Classical Review: Sir Les on song

Steven Isserlis / Barry Humphries

Wigmore Hall, London

Do not adjust your senses. It's Sunday evening at the Wigmore Hall, with cellist Steven Isserlis, a mixed bag of composers, and comedian Barry Humphries. Odd though it sounds, this was the prospect on offer for serious audiences to close a dull November weekend. Do not adjust your senses; do not adjust your sex.

Which is, perhaps, by way of suggesting that the guest of honour was not Dame Edna but Sir Les Patterson, that bibulous comic illusion, dredged up from the deeps of our willing capacity for national prejudice and humorous self deception. In a shiny carapace of an electric blue jacket, Sir Les rounded off this slice of the Wigmore Hall's current Australian season by intruding into an encore of The Swan. (At last: a marsupial in The Carnival of the Animals!)

With Isserlis and pianist Susan Tomes in supporting roles, he sang an ode in praise of great Australians. It was, no doubt, a demeaning three minutes for his fellow compatriots, but his British audience loved it. Did they also grasp, in the soapy scenes of the "old country" painted in an earlier work, Cries of Australia, how as dotard "Sandy" Stone, Humphries satirised heritage views of Britain, and our own nostalgia for how and why Australians should still love us.

Ross Edwards' music for this piece was more ballad snatches than dreamy lullabies. There were plenty of the latter, however, in James Helme Sutcliffe's Avatar and David Fanshawe's The Awakening both for cello and piano. Though clearly no pseudonym for Humphries' own compositional activity, Fanshawe, intrepid composer and ethnographical researcher, could be a Humphries creation. To prove otherwise, however, he was there in person to take justified applause for his music. Inspired by the flight of frigate birds, it was a perfect vehicle for the soloist's power to wax lyrical over piano arpeggios with flowing, round-toned melody.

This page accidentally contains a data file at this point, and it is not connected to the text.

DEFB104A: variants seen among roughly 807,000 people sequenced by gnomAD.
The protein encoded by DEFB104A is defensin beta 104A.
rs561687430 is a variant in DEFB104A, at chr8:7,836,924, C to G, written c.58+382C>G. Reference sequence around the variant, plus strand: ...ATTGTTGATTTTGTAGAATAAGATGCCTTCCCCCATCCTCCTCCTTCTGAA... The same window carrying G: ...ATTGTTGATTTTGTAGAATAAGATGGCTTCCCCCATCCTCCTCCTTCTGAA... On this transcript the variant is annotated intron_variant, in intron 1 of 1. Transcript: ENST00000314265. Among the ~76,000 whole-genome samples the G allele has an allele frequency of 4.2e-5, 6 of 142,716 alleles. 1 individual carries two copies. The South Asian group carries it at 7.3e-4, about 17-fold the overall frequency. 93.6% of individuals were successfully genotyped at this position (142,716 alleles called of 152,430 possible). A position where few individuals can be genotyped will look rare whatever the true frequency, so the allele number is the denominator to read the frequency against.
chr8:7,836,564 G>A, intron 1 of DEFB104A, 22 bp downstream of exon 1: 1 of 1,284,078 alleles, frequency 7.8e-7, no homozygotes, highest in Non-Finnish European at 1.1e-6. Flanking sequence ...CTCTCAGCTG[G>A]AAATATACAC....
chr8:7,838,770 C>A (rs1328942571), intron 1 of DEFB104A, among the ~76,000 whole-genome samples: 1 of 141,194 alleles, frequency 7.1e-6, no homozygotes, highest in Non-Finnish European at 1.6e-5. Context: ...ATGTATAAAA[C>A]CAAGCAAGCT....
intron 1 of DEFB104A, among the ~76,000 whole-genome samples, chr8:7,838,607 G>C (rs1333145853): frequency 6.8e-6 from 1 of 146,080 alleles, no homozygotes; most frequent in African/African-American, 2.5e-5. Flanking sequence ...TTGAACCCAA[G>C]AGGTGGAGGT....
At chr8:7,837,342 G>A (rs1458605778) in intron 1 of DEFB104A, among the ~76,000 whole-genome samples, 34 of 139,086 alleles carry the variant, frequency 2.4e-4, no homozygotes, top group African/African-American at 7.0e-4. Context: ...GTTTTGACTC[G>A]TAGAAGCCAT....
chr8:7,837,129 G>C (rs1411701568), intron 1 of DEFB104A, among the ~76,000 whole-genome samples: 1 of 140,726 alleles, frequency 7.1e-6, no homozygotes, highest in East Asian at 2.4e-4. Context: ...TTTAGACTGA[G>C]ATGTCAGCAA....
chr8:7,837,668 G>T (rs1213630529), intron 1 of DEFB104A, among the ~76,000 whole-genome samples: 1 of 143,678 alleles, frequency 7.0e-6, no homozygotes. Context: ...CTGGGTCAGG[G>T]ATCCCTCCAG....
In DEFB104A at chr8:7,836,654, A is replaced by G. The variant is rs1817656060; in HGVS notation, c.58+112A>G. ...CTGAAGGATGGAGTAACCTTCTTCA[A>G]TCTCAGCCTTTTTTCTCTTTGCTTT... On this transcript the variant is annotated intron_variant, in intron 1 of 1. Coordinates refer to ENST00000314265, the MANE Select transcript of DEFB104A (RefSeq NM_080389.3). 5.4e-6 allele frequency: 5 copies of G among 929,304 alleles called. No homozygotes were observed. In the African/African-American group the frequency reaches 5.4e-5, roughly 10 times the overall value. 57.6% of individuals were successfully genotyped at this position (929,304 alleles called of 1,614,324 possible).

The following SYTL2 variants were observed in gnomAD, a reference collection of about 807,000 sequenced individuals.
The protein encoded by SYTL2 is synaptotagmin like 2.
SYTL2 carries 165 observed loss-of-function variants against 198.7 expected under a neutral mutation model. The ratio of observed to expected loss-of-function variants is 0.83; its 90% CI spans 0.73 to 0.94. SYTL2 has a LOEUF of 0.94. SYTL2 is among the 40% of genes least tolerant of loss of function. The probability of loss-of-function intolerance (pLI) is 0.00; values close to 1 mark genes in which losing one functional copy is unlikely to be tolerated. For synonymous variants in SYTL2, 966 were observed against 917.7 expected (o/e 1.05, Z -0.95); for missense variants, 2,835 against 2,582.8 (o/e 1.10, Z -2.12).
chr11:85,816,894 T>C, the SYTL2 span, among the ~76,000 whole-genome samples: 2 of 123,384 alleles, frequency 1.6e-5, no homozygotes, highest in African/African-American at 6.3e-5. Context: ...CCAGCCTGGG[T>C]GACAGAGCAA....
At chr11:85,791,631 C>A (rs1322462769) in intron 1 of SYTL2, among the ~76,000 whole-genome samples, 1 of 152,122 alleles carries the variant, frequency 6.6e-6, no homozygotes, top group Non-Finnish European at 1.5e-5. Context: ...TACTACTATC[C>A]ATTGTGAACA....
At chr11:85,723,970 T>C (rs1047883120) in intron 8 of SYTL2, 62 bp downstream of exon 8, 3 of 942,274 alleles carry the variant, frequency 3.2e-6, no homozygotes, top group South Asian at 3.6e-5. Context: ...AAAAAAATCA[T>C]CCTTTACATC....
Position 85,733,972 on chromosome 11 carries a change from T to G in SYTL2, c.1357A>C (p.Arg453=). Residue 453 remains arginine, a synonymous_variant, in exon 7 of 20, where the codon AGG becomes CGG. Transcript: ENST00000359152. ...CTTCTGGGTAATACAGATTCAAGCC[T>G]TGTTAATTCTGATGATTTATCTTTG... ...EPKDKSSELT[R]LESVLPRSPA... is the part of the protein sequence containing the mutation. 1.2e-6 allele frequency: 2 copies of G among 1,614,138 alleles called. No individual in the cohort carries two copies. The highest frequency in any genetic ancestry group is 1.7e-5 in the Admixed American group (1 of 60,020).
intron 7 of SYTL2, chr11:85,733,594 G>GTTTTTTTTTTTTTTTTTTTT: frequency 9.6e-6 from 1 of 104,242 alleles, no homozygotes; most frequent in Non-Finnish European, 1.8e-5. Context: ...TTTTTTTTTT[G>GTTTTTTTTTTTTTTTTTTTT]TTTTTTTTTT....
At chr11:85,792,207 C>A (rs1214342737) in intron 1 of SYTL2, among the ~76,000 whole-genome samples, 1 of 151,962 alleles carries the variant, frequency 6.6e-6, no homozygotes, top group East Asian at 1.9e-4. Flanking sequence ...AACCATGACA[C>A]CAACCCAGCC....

In contrast, ...though now we sleep... by the Canadian composer David Duke, gave Isserlis a score that seemed perfectly written for cello technique in contemporary terms. A shame, then, that the most original music it contained was heard in snatches of native folksong projected on the accompanying tape.

As a viable medium, tape and cello solo were more artfully used in Carl Vine's Inner World, a weighty, sonata-like structure by one of Australia's leading international composers. In a maze of darting, daring electronic sounds, Isserlis projected a flow of ever-increasing momentum, with a final dash for the finishing line in a riot of C major triple stopping. You were on the edge of your seat for the first and only time in this evening of humour and fine playing - but otherwise variable musical quality.

Nicholas Williams

Have you tried new the Independent Digital Edition apps?
ebooks
ebookA delicious collection of 50 meaty main courses
Life and Style
ebookNow available in paperback
  • Get to the point
Latest stories from i100
Have you tried new the Independent Digital Edition apps?
Independent Dating
and  

By clicking 'Search' you
are agreeing to our
Terms of Use.

ES Rentals

    iJobs Job Widget
    iJobs General

    SThree: Recruitment Resourcer

    £20000 - £25000 per annum + Uncapped Commission: SThree: Do you want to get in...

    Ashdown Group: Project Manager - Birmingham - up to £40,000 - 12 month FTC

    £35000 - £40000 per annum: Ashdown Group: IT Project Manager - Birmingham - ...

    SThree: Recruitment Consultant - IT